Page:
– Phrasal-Verbs & Verb Phrases – Letter L –
- (to) Get A Loan – See: Phrasal Verbs – Letter “G”, for “Get”
- (to) Let Go – This is a phrasal verb, similar to “Move On”, which means to choose to no longer be emotionally or mentally “attached” to an incident or a situation which (usually) is painful or distressing…
“I was furious with Santa Clause for not bringing me a teleportation device, but eventually I realized that I had to let it go otherwise I was just going to continue to be disappointed, year after year.”
- (to) Let The Cat Out Of The Bag – This is an idiomatic verb phrase which means: To accidentally disclose a secret or at least private information. And, as a cat who is trapped in a bag, can often cause severe damages when exploding out of the bag, disclosing this information usually has the same effect; either by spoiling a surprise, making someone very mad, or causing a terribly uncomfortable situation.
- (to) Look The Other Way – The is a phrasal verb which seems to be pretty literal, however the way that it is used is completely figurative. This phrase is used to mean: To purposely ignore something even though one knows that it is wrong or shouldn’t be happening; to look the other way so that he or she can say that he or she did not “see” anything…
“The police, politicians, and pretty much anyone in power in the world are continually, either given money, or somehow influenced to look the other way while people and corporations continue to take advantage of other people and basically make life horrible for everyone else on Earth.”
- (to) Lose (One’s) Cool – This is an Idiomatic Phrasal-Verb which is used to describe when someone becomes so angry/confused/agitated/etc. that One “loses” his or her composure/control/temper/etc.. We say this because we also use the words “Hot” and “Cool” to describe how a person reacts under pressure…
“When people lie to your face and treat you with the utter dis-respect of thinking that you will actually believe the bullshit that comes out of their mouths, it is important not to lose your cool. It is they who have to live with themselves. You only have to deal with them in that moment.” 😉
- (to) Lose (One’s) Train Of Thought – This is an Idiomatic Phrasal Verb which is used to describe when someone is speaking – but while endeavoring to make his or her point – he or she seems to forget, momentarily, what it was that he or she was trying to express. The reason we say “Train of Thought” is because a “train” is made up of many different cars that are all linked together. Similarly, when one is expressing something which is more complex than a few simple sentences, many ideas flow from one to another and are all linked in order to make one point. Just like a “train” is made up of many separate cars, all linked together to make the one long “train”.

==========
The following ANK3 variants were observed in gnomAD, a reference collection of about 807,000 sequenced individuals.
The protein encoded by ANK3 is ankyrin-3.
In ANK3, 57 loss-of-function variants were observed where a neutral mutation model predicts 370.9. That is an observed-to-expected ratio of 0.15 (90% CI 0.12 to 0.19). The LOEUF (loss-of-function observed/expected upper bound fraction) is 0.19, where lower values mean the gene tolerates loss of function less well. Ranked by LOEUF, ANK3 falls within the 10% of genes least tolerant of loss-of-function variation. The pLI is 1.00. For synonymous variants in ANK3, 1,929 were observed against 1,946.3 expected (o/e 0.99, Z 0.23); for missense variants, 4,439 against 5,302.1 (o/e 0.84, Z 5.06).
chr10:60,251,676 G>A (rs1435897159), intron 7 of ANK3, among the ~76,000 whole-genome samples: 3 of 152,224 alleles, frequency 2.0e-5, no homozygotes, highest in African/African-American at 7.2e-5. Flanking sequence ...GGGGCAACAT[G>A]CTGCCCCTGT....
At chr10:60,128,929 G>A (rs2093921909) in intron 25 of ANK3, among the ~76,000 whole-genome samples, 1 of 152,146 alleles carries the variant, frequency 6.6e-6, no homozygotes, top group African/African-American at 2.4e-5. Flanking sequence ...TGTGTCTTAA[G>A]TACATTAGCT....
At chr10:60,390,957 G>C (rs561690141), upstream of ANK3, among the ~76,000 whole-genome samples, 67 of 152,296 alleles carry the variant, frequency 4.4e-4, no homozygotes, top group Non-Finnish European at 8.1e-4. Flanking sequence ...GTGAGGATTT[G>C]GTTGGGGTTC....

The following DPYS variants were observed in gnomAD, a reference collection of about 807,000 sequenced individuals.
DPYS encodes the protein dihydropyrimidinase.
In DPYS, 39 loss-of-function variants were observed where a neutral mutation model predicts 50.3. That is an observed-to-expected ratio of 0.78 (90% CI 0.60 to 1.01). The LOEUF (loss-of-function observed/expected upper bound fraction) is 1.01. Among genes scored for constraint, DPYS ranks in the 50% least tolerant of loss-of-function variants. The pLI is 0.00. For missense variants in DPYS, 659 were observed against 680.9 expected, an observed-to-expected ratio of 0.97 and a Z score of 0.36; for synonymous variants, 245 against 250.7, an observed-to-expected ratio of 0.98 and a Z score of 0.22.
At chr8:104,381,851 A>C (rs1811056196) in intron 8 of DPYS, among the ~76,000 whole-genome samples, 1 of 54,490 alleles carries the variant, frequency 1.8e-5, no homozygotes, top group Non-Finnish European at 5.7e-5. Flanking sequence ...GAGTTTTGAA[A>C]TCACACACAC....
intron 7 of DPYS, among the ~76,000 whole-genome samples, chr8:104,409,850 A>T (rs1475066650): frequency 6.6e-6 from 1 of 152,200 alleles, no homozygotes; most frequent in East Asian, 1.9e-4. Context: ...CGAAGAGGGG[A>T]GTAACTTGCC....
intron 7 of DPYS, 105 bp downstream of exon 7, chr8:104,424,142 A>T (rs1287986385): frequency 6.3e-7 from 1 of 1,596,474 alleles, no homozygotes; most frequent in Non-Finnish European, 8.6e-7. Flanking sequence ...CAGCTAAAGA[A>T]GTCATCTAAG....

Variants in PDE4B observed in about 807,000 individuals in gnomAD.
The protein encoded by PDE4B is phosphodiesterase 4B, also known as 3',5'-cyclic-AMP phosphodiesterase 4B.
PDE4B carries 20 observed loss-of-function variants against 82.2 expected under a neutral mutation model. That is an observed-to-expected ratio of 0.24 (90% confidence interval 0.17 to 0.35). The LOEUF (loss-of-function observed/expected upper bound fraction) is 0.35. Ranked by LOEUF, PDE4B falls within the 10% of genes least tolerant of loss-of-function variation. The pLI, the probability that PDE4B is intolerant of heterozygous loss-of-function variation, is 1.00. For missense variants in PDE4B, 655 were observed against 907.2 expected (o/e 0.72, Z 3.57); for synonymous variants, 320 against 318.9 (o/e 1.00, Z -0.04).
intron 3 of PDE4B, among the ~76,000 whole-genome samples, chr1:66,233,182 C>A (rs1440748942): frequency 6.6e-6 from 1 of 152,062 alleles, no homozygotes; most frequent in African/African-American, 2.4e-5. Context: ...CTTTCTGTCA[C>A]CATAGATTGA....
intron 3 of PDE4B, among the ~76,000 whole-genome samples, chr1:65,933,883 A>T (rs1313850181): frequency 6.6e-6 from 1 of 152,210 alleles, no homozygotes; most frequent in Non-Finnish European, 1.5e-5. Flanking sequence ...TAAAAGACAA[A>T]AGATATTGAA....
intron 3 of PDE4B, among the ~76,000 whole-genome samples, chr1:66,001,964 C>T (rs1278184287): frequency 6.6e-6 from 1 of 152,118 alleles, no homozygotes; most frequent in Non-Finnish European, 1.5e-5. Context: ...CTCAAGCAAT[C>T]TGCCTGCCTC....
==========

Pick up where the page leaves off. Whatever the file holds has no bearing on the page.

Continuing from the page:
- (to) Lose (One’s) Voice – This is an Idiomatic Phrasal-Verb which is used to describe when a person – through sickness or from screaming, or singing too much and/or too loudly – “Loses” the ability to speak in One’s normal “Voice”, but can only speak in a hoarse whisper, or a painful “scratchy” voice.
- (to) Lose Face – This is an idiomatic phrasal verb which means to lose one’s dignity. Usually from making a mistake or from some embarrassing situation. This is also sometimes used to refer to one losing one’s confidence however, this is usually the affect of the situation where one lost face… “When it was discovered that the president’s wife is actually a trans-gender man – amazingly – the president did not *lose face*. Instead, as always, he just pretended that the situation was not happening and gave his signature “100-yard stare” in order to look profound.”
- (to) Lose It – To become so angry, upset or aggravated that you start yelling… to “Lose Your Temper…” “The new secretary just keeps asking me tons of questions about things that are not her concern at all. If she doesn’t stop bothering me and start doing her work, I’m going to *lose it*!”
- (to) Lose Weight – This is an idiomatic phrasal verb which means to do something (usually through diet or exercise) in order to reduce the amount of fat that a person is carrying around on their body. This is usually done intentionally but can also happen through sickness or unhealthy life-choices… “After I started working at home, I didn’t get as much exercise, so now I have to *lose some weight* in order to fit into my old pants.” – (Notice also that this phrasal verb is separable)
- (to) Pull (someone’s) Leg – See: Phrasal Verbs – Letter “P”, for “Pull”